I did yoga and physical therapy but it never felt like those things were really making a difference. In the end time helped heal it, until it came back. Then Gabapentin and more time made it go away again. The arm pain hasn't returned in a couple years though now I have some weird head/neck/muscle thing going on that I need to have checked out.

Honestly the best advice I got was from my spine doctor who said "you just have to live your life as if you're not in pain all the time." That sounds like terrible advice, I know, but once I started just living my life and doing things I discovered I could manage, despite the pain.
posted by bondcliff at 10:38 AM on November 9, 2016


I had a herniated disc in my lower back and ended up having surgery after all exhausting all other options and I wish I had done it sooner. What does your doctor say about surgical options?
posted by unreasonable at 10:39 AM on November 9, 2016


After 20 years of on and off back, neck and shoulder problems, I've come to the best place I've ever been in the past 2-3 years through learning how to apply trigger point therapy on myself.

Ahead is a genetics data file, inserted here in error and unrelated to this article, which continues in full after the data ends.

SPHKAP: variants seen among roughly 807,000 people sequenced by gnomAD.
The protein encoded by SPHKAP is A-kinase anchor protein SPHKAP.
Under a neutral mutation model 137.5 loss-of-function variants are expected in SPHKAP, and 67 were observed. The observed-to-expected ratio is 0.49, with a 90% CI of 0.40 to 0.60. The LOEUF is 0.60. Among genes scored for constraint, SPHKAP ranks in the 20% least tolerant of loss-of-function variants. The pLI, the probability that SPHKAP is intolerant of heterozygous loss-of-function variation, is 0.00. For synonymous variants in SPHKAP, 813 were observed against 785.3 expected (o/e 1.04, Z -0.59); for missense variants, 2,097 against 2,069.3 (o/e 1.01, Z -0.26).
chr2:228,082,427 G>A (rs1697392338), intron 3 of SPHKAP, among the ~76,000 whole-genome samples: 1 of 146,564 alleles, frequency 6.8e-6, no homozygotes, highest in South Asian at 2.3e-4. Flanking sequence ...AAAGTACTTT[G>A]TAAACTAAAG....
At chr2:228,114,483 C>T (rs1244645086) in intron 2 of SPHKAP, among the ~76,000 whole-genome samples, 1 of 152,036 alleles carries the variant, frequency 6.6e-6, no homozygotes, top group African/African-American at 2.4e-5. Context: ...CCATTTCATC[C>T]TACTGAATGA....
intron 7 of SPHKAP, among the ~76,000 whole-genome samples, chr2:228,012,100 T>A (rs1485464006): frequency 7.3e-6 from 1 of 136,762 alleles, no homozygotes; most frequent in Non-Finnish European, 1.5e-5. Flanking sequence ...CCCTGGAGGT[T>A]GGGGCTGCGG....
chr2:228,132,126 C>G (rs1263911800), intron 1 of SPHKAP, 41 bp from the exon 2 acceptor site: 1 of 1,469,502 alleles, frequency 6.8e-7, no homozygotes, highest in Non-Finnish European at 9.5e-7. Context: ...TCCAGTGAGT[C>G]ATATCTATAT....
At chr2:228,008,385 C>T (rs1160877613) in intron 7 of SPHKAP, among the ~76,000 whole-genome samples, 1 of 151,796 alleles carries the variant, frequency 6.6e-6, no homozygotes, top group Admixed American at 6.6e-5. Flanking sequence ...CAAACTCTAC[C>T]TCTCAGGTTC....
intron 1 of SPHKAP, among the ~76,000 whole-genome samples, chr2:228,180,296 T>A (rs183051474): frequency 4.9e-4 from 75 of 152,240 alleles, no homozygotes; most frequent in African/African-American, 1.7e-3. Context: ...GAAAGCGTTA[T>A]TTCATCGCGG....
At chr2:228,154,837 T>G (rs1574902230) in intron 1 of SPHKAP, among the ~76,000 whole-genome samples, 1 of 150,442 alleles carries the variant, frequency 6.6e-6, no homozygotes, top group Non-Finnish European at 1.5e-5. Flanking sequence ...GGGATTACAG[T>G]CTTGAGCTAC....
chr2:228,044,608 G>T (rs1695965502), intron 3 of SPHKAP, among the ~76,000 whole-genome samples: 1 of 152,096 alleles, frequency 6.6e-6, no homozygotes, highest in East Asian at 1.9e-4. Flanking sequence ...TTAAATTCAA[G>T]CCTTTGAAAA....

The basic principle is finding and working with simple, hard pressure on the points in muscles away from the critical area that are referring pain and tension to it.

There's a degree of learning about the interaction of different muscles and muscle subgroups in it, which in some ways echoes the body-awareness training you can get through yoga; I've thus found it doubly useful as it's provided symptom relief and fed into a general improvement in posture and balanced physical effort.

Much of the pressure work can be done with your hands, but is often helped with a few mundane tools - foam roller, tennis ball, squash ball to roll muscles against on the floor; tennis ball in a long sock to hang behind the back against a hard wall to roll e.g. shoulder blade muscles.

I have also invested in a thera cane to help with leverage in self-massage, particularly on my shoulders which are relatively large and solid.

The best resource I've found for learning techniques was the Trigger Point Therapy Workbook. There's a reasonable range of online resources to be found as well, but the book has been more a help in building that overall awareness of the role a range of muscles end up playing in maintaining chronic pain.